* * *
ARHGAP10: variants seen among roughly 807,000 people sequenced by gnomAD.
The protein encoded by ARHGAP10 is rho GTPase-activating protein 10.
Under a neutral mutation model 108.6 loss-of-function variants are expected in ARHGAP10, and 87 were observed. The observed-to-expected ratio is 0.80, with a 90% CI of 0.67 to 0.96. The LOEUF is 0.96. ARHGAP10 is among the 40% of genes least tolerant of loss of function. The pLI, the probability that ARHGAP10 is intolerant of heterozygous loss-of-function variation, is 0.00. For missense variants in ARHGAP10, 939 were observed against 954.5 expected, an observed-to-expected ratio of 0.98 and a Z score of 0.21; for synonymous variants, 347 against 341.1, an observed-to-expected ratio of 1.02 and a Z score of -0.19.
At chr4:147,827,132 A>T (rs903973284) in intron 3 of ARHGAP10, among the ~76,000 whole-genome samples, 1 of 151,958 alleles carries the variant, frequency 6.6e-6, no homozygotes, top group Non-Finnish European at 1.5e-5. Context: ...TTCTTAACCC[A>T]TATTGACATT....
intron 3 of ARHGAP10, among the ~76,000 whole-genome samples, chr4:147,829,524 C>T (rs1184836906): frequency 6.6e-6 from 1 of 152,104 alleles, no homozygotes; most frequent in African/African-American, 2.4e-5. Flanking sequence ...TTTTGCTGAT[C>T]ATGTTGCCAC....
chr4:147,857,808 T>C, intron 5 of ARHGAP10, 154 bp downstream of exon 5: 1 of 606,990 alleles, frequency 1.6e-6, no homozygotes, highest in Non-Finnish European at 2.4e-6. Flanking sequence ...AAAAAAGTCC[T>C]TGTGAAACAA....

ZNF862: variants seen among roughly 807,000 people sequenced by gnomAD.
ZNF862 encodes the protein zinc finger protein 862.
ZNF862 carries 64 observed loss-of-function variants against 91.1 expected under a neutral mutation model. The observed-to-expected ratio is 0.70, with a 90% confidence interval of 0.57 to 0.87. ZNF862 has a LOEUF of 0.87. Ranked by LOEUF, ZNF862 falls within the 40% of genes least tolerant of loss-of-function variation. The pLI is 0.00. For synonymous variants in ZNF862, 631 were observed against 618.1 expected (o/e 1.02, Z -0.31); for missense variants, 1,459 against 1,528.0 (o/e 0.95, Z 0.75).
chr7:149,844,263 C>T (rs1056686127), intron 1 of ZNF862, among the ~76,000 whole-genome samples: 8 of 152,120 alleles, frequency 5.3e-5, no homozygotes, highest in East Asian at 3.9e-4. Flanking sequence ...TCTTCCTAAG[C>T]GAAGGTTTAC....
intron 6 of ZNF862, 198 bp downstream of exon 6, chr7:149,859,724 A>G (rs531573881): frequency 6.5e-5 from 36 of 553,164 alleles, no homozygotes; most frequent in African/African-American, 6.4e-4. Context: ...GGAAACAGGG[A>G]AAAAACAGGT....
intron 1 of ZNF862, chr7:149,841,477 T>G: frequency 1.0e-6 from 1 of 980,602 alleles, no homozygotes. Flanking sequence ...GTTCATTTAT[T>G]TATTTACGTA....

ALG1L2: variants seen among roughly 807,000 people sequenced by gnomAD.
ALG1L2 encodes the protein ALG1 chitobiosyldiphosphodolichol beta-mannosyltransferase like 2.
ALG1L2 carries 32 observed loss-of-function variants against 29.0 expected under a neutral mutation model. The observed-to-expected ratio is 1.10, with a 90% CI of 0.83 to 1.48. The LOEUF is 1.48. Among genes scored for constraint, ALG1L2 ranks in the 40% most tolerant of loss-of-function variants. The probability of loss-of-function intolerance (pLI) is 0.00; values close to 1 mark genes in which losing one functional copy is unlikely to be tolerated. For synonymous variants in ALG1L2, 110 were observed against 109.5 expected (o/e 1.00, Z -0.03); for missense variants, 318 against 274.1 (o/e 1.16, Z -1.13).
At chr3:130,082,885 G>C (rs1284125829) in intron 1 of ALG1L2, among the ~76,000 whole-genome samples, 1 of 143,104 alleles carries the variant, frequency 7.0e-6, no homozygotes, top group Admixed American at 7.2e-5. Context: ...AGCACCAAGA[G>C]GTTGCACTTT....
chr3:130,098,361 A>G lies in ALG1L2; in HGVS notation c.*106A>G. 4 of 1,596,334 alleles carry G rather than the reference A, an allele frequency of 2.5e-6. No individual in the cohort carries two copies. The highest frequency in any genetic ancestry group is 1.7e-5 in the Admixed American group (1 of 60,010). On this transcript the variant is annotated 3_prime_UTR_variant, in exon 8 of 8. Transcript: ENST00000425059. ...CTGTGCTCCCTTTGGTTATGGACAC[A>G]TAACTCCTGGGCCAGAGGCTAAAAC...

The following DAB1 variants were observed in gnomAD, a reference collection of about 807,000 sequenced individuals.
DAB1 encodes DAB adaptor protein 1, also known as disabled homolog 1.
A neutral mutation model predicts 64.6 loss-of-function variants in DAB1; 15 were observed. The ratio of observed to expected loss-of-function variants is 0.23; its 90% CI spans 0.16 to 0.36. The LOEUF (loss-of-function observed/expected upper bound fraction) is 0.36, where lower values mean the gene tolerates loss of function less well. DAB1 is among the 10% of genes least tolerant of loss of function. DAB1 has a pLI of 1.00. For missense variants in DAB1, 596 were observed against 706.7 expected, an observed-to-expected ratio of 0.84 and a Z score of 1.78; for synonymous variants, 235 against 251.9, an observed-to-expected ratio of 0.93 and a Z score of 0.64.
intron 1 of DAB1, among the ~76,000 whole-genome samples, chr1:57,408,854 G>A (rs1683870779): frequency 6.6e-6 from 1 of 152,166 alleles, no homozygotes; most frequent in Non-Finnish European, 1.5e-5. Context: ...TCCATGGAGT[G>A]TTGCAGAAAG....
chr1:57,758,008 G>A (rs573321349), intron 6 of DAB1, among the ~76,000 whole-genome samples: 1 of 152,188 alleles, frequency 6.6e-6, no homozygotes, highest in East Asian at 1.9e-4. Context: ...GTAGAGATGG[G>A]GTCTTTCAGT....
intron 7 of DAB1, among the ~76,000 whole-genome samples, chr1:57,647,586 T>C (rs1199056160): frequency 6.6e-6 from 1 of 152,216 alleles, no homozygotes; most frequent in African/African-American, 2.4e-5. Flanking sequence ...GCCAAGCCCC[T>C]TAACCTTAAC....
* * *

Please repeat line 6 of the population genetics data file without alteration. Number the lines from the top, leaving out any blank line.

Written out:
chr4:147,857,808 T>C, intron 5 of ARHGAP10, 154 bp downstream of exon 5: 1 of 606,990 alleles, frequency 1.6e-6, no homozygotes, highest in Non-Finnish European at 2.4e-6. Flanking sequence ...AAAAAAGTCC[T>C]TGTGAAACAA....